Nanri Kaju, Japanese
Porcelain with underglaze blue and overglaze enamel and gilt decoration (Arita ware)
[1897-351]: 29 13/16 x 10 3/8 inches (75.7 x 26.3 cm) [1897-351a]: 29 5/8 x 10 13/16 inches (75.3 x 27.5 cm)
The General Hector Tyndale Memorial Collection, 1897
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Most Americans—including future Asian art scholars and such collectors as Ernest Fenollosa and Edward Sylvester Morse—first had direct contact with Asian art at the 1876 Centennial Exhibition in Philadelphia. Large-scale vases, elaborate bronzes, and delicate lacquerware from China and Japan were all on view. The Pennsylvania Museum and School of Industrial Art (now the Philadelphia Museum of Art) acquired many objects from exhibitors of the national displays of China, Japan, India, Tunis, Turkey, and Morocco. General Hector Tyndale, whose family business was involved in the importation and sale of ceramics in Philadelphia and who served as one of the judges for the Ceramics Section of the Exhibition, also collected a variety of pieces from all areas of Japan and China. A large group of those objects were bequeathed to the Museum in 1897.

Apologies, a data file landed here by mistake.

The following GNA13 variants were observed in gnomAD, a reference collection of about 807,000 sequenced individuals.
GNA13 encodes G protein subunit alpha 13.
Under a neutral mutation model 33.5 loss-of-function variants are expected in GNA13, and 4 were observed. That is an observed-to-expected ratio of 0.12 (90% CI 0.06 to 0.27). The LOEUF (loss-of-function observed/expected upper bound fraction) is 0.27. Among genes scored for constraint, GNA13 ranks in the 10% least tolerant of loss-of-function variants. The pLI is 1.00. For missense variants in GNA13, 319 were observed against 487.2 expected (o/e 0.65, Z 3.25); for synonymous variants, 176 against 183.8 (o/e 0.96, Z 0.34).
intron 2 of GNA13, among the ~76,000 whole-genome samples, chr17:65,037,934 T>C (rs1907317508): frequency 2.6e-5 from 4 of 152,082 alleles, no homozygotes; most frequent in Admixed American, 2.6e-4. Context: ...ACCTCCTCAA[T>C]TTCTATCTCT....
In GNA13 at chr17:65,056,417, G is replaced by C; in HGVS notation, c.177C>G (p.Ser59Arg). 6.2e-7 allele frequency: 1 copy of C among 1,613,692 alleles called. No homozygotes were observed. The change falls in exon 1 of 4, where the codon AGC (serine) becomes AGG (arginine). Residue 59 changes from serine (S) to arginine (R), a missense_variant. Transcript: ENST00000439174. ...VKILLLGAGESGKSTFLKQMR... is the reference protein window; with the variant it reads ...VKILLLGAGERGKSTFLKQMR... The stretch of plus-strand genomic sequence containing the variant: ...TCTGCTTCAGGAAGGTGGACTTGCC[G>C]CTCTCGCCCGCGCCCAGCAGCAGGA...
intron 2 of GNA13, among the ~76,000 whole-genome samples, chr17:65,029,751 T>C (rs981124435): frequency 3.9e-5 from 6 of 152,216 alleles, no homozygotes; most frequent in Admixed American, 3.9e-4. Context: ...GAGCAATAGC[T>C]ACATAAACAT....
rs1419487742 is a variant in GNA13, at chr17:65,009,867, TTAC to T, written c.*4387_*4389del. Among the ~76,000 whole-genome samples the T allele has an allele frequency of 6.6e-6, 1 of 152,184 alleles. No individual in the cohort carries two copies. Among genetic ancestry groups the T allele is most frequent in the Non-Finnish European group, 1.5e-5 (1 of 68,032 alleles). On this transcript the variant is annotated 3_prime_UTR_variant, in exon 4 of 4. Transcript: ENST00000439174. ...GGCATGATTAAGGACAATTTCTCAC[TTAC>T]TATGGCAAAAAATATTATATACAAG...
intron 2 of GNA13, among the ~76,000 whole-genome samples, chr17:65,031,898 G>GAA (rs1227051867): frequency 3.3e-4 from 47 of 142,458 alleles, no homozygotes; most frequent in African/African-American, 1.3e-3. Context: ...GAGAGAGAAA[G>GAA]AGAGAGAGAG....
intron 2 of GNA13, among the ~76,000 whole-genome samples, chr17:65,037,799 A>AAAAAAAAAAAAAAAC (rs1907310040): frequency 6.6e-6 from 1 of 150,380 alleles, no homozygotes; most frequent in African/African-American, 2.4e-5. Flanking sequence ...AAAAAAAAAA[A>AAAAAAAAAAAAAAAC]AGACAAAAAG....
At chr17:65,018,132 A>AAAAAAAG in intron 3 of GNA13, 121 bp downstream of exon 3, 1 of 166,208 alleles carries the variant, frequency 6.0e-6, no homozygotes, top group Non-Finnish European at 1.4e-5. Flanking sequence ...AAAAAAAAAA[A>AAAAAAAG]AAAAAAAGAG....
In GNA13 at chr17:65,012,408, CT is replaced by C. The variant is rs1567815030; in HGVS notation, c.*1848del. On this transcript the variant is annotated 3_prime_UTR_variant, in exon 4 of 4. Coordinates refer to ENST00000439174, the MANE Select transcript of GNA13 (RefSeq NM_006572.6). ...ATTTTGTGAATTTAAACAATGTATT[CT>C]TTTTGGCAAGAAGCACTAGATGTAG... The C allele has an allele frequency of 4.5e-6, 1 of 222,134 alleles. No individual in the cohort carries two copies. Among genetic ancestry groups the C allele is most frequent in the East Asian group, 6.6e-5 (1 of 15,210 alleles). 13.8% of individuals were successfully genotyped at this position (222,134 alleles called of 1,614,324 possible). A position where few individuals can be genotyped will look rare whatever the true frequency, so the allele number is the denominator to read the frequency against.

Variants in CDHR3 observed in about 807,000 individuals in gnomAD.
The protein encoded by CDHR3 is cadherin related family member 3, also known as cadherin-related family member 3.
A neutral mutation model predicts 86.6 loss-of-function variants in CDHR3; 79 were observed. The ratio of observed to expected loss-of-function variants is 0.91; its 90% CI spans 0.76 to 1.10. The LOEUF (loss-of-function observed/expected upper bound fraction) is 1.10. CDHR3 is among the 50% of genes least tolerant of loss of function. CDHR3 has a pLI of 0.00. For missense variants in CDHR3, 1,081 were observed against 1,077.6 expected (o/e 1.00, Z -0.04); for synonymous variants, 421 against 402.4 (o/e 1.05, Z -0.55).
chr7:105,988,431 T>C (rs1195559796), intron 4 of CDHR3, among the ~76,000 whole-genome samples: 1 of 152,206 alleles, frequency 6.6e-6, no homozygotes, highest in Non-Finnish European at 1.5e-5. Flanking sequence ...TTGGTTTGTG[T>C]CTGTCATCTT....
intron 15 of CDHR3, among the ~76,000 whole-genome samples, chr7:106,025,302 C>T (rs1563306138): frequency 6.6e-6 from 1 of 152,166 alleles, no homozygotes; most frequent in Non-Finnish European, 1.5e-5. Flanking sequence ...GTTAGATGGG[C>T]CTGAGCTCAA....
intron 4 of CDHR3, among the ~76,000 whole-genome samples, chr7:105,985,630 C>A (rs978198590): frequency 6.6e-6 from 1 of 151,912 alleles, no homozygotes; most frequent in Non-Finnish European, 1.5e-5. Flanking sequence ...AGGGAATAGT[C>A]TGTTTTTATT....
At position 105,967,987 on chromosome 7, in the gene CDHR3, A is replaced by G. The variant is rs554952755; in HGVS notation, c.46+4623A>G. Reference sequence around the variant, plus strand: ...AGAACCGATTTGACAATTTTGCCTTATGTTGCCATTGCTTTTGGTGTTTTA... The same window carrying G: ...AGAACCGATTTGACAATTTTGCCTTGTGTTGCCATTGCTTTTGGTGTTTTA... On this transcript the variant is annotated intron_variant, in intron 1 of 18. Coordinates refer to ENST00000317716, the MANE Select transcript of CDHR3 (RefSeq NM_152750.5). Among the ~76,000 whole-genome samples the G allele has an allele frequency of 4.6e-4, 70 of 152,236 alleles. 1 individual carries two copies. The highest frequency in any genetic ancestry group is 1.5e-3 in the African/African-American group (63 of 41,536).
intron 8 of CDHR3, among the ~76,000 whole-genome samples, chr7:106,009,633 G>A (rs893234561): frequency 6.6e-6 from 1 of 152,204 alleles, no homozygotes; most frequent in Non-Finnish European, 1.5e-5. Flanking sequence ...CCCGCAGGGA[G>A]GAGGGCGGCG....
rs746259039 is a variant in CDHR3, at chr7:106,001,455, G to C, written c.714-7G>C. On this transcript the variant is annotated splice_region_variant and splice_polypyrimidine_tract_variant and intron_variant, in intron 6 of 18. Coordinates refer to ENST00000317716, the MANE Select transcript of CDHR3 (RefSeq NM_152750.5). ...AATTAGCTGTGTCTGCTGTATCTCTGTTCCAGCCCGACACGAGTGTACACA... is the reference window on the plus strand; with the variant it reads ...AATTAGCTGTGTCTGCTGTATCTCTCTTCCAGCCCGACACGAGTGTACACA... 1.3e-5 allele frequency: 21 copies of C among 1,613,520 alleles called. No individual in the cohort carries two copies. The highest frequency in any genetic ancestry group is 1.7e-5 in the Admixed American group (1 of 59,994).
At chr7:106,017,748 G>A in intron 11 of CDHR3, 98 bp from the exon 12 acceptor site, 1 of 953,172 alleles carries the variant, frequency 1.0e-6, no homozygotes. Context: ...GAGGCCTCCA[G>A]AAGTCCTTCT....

In honor of the 125th Anniversary of the Museum, approximately fifty works of art associated with the Exhibition will be on display beginning 125 years to the day of the opening of the Centennial Exhibition itself.
CuratorsDr. Felice Fischer • The Luther W. Brady Curator of Japanese Art and Curator of East Asian Art
Dr. Adriana Proser • Assistant Curator of East Asian Art
Kyoko Kinoshita • Research Associate, East Asian Art